Left ventricular failure produces profound lung remodeling and pulmonary hypertension in mice: Heart failure causes severe lung disease

Yingjie Chen, Haipeng Guo, Dachun Xu, Xin Xu, Huan Wang, Xinli Hu, Zhongbing Lu, Dongmin Kwak, Yawei Xu, Roland Gunther, Yuqing Huo, E. Kenneth Weir

Research output: Contribution to journalArticlepeer-review

85 Scopus citations

Abstract

Chronic left ventricular failure causes pulmonary congestion with increased lung weight and type 2 pulmonary hypertension. Understanding the molecular mechanisms for type 2 pulmonary hypertension and the development of novel treatments for this condition requires a robust experimental animal model and a good understanding of the nature of the resultant pulmonary remodeling. Here we demonstrate that chronic transverse aortic constriction causes massive pulmonary fibrosis and remodeling, as well as type 2 pulmonary hypertension, in mice. Thus, aortic constriction-induced left ventricular dysfunction and increased left ventricular end-diastolic pressure are associated with a ≤5.3-fold increase in lung wet weight and dry weight, pulmonary hypertension, and right ventricular hypertrophy. Interestingly, the aortic constriction-induced increase in lung weight was not associated with pulmonary edema but resulted from profound pulmonary remodeling with a dramatic increase in the percentage of fully muscularized lung vessels, marked vascular and lung fibrosis, myofibroblast proliferation, and leukocyte infiltration. The aortic constriction-induced left ventricular dysfunction was also associated with right ventricular hypertrophy, increased right ventricular end-diastolic pressure, and right atrial hypertrophy. The massive lung fibrosis, leukocyte infiltration, and pulmonary hypertension in mice after transverse aortic constriction clearly indicate that congestive heart failure also causes severe lung disease. The lung fibrosis and leukocyte infiltration may be important mechanisms in the poor clinical outcome in patients with end-stage heart failure. Thus, the effective treatment of left ventricular failure may require additional efforts to reduce lung fibrosis and the inflammatory response.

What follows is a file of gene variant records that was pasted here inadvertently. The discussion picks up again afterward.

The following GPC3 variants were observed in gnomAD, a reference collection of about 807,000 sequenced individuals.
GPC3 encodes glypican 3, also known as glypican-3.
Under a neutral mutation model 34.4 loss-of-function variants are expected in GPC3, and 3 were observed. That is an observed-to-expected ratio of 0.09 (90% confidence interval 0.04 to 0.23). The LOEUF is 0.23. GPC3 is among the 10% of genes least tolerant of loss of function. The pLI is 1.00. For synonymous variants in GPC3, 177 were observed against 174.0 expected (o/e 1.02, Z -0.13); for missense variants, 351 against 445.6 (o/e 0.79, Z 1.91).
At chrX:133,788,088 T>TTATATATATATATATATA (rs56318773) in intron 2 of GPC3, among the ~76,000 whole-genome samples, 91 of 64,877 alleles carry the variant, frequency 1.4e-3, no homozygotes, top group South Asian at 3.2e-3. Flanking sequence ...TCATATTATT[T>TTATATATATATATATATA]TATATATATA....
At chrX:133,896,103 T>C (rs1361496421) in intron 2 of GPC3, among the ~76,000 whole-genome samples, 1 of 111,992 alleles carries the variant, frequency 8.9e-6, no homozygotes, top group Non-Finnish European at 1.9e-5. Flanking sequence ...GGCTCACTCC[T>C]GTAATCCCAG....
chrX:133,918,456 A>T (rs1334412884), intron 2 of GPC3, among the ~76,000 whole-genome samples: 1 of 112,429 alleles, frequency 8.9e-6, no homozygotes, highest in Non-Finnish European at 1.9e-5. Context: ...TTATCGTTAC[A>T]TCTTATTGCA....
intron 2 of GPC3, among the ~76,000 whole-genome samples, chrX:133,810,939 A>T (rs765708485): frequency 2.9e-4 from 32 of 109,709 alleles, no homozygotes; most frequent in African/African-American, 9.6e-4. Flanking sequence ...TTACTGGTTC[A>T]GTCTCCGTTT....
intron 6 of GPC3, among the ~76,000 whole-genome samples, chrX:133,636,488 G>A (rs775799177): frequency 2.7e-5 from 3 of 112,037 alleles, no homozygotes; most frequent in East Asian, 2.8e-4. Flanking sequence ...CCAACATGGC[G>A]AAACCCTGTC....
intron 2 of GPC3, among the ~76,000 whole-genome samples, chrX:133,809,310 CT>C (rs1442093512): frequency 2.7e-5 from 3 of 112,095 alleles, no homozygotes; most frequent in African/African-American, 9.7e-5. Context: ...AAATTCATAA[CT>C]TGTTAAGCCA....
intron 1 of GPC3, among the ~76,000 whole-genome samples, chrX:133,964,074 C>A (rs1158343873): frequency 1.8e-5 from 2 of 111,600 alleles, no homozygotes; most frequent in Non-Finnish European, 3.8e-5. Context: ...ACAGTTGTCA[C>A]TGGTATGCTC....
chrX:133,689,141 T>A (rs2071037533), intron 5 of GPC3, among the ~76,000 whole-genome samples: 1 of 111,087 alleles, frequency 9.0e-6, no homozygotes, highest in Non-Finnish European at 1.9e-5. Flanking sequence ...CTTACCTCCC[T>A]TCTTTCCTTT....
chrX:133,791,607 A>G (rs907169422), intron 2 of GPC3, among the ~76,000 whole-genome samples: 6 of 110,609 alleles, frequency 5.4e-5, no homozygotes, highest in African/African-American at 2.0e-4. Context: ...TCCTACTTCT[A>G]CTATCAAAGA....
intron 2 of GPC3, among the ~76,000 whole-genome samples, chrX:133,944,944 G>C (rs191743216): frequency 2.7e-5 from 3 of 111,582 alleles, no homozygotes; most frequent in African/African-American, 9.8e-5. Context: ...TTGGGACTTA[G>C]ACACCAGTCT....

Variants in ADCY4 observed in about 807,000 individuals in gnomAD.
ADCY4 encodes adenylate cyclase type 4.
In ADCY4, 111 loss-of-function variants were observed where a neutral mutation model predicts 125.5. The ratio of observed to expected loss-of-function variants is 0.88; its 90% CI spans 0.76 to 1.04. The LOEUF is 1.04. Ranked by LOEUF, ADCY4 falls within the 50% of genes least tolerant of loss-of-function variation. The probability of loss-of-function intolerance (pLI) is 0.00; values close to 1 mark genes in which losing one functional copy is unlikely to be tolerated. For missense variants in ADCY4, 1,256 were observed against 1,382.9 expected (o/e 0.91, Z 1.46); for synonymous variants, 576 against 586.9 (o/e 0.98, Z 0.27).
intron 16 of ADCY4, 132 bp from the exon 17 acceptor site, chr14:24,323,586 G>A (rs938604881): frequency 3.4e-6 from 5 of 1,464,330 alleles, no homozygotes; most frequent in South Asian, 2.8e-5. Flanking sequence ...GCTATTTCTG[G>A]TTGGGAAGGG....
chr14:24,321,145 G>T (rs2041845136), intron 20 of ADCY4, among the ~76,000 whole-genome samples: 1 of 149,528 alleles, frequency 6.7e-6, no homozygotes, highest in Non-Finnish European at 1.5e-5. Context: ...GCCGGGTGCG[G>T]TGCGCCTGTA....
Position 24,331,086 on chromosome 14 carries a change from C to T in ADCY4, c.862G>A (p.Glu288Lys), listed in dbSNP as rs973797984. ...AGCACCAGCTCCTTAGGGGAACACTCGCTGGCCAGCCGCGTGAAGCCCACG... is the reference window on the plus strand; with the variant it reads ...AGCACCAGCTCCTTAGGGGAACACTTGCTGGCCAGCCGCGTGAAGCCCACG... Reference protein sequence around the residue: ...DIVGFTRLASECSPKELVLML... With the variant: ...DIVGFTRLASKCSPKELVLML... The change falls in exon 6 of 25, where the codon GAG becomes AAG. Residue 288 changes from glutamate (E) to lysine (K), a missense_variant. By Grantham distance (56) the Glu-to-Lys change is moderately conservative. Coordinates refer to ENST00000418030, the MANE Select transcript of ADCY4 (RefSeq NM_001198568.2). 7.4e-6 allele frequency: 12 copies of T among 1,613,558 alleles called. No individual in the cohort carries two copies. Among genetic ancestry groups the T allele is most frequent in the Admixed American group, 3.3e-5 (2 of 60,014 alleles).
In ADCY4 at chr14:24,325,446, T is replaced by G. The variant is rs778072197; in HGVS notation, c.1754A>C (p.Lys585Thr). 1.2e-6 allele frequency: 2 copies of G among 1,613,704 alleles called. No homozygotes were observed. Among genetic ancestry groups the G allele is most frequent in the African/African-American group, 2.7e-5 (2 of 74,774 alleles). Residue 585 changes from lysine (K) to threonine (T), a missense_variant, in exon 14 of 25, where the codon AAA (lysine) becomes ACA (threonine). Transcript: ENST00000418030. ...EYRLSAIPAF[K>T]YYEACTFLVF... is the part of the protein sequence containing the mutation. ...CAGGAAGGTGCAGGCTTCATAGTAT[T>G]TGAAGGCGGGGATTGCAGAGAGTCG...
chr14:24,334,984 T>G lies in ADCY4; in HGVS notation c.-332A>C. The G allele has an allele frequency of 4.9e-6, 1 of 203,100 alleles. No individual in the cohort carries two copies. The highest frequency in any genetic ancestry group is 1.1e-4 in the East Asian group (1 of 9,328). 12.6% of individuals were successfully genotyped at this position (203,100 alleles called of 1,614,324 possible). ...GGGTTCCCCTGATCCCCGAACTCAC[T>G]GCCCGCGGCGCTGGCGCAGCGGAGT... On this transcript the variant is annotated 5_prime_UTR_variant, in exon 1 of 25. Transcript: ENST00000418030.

Original languageEnglish (US)
Pages (from-to)1170-1178
Number of pages9
JournalHypertension
Volume59
Issue number6
DOIs
StatePublished - Jun 2012

Keywords

  • Pulmonary hypertension
  • Pulmonary vascular morphology
  • Transverse aortic constriction

ASJC Scopus subject areas

  • Internal Medicine

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